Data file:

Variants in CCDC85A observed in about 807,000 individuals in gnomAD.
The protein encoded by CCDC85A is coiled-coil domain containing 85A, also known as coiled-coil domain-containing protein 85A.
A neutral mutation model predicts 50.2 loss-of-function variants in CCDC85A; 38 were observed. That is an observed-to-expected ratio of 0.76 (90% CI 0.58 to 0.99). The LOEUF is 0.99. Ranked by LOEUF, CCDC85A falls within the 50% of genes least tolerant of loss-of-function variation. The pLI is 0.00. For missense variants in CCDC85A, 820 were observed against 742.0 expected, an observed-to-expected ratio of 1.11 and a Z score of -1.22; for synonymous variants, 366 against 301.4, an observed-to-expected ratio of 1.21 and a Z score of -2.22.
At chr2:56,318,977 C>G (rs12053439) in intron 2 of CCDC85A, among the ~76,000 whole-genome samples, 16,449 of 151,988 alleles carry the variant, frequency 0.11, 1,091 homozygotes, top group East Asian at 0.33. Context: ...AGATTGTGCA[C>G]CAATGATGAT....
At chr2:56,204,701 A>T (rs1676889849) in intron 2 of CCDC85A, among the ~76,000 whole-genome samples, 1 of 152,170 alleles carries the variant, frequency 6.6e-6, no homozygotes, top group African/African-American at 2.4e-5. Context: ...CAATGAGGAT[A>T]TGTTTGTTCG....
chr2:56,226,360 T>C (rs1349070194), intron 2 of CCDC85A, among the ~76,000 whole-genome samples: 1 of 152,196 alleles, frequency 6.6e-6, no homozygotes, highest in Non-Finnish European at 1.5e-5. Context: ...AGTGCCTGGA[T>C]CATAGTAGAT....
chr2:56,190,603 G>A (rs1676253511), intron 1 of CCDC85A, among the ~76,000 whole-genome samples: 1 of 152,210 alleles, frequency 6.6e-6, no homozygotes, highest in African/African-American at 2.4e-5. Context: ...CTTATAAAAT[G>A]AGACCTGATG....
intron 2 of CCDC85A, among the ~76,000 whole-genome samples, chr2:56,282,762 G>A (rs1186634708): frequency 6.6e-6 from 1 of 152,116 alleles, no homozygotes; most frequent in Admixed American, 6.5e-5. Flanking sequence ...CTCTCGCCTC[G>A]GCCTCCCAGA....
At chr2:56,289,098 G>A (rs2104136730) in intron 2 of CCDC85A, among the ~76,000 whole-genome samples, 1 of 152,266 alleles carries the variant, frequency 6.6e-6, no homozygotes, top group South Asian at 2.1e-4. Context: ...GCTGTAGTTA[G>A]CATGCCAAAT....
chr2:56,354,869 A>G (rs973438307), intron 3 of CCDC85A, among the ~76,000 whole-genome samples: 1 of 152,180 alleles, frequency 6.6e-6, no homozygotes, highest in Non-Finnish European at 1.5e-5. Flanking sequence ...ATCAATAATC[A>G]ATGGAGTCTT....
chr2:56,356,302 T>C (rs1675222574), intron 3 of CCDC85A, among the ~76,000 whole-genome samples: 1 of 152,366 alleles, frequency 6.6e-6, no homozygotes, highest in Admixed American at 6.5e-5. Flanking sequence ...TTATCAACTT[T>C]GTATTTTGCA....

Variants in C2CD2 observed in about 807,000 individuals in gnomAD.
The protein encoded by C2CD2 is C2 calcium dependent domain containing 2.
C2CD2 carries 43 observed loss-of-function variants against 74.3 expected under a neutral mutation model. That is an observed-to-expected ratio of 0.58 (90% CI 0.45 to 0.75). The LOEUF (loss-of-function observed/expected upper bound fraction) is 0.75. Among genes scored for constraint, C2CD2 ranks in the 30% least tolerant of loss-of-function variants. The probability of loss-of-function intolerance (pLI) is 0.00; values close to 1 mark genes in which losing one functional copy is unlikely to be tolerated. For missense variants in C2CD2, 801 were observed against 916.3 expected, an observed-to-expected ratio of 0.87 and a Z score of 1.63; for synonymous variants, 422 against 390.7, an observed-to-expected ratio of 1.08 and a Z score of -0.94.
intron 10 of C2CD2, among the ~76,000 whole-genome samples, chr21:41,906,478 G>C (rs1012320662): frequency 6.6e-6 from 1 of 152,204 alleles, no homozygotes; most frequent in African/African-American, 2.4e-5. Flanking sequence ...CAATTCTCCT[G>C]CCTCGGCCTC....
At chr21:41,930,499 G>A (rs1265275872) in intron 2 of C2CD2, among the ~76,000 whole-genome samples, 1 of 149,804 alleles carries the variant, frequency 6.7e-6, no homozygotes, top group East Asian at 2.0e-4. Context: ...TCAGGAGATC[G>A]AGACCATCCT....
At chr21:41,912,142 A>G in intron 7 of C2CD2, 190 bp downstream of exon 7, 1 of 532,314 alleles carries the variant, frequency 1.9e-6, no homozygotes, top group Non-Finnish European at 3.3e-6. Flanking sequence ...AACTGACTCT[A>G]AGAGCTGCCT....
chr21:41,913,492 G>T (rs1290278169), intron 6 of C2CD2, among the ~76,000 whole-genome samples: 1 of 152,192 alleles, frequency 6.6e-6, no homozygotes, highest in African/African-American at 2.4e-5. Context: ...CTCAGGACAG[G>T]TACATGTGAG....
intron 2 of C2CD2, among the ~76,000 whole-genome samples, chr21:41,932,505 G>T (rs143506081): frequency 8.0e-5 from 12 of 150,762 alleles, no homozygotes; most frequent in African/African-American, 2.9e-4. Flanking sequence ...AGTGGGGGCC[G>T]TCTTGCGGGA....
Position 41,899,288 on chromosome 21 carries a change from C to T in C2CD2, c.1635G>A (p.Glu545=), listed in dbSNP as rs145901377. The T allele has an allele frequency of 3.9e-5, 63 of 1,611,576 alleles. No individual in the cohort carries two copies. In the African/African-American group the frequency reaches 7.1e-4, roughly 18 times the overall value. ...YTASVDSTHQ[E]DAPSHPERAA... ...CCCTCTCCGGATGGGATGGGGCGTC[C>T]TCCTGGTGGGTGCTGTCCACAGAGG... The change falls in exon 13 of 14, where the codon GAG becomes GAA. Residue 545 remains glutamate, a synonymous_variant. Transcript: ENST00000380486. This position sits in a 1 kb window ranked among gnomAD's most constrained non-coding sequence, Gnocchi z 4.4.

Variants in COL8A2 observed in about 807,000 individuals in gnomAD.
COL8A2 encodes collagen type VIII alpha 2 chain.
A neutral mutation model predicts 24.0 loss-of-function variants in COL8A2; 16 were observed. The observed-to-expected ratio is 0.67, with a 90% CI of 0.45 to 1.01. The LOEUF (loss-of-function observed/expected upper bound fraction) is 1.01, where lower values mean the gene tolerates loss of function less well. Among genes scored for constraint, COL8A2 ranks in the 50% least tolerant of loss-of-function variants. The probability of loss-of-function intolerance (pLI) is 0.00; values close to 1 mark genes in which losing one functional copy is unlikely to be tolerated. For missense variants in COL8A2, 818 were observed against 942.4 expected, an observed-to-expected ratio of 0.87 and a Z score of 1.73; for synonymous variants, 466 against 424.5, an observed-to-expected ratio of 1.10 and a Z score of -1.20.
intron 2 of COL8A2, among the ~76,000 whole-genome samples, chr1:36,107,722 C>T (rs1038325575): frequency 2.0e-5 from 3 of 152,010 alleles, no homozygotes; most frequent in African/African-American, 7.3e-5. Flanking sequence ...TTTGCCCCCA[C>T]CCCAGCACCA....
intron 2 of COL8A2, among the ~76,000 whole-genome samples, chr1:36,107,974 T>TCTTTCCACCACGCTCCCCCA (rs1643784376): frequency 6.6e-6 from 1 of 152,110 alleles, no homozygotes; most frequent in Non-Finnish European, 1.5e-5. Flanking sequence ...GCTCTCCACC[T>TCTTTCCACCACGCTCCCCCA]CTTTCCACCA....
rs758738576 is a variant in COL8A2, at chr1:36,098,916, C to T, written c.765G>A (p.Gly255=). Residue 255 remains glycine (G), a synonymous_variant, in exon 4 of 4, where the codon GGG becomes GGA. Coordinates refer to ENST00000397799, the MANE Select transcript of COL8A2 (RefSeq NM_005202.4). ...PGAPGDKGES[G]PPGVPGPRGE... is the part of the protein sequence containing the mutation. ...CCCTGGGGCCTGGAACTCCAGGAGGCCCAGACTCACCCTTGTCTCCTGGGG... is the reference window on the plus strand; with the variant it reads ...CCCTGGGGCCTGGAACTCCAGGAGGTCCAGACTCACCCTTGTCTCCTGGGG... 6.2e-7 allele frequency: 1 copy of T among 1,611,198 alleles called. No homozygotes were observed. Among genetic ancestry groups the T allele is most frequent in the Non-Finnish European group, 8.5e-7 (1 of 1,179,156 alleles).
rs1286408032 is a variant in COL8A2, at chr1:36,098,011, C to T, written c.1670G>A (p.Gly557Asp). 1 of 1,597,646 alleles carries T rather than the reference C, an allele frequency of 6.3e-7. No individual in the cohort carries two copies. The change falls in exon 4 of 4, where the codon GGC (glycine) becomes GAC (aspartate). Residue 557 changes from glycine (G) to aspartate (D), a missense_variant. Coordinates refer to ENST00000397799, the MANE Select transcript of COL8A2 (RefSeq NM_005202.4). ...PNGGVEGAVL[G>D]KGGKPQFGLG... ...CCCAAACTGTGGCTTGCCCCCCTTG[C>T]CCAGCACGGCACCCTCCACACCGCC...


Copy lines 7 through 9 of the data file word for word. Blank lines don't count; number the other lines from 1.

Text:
chr2:56,190,603 G>A (rs1676253511), intron 1 of CCDC85A, among the ~76,000 whole-genome samples: 1 of 152,210 alleles, frequency 6.6e-6, no homozygotes, highest in African/African-American at 2.4e-5. Context: ...CTTATAAAAT[G>A]AGACCTGATG....
intron 2 of CCDC85A, among the ~76,000 whole-genome samples, chr2:56,282,762 G>A (rs1186634708): frequency 6.6e-6 from 1 of 152,116 alleles, no homozygotes; most frequent in Admixed American, 6.5e-5. Flanking sequence ...CTCTCGCCTC[G>A]GCCTCCCAGA....
At chr2:56,289,098 G>A (rs2104136730) in intron 2 of CCDC85A, among the ~76,000 whole-genome samples, 1 of 152,266 alleles carries the variant, frequency 6.6e-6, no homozygotes, top group South Asian at 2.1e-4. Context: ...GCTGTAGTTA[G>A]CATGCCAAAT....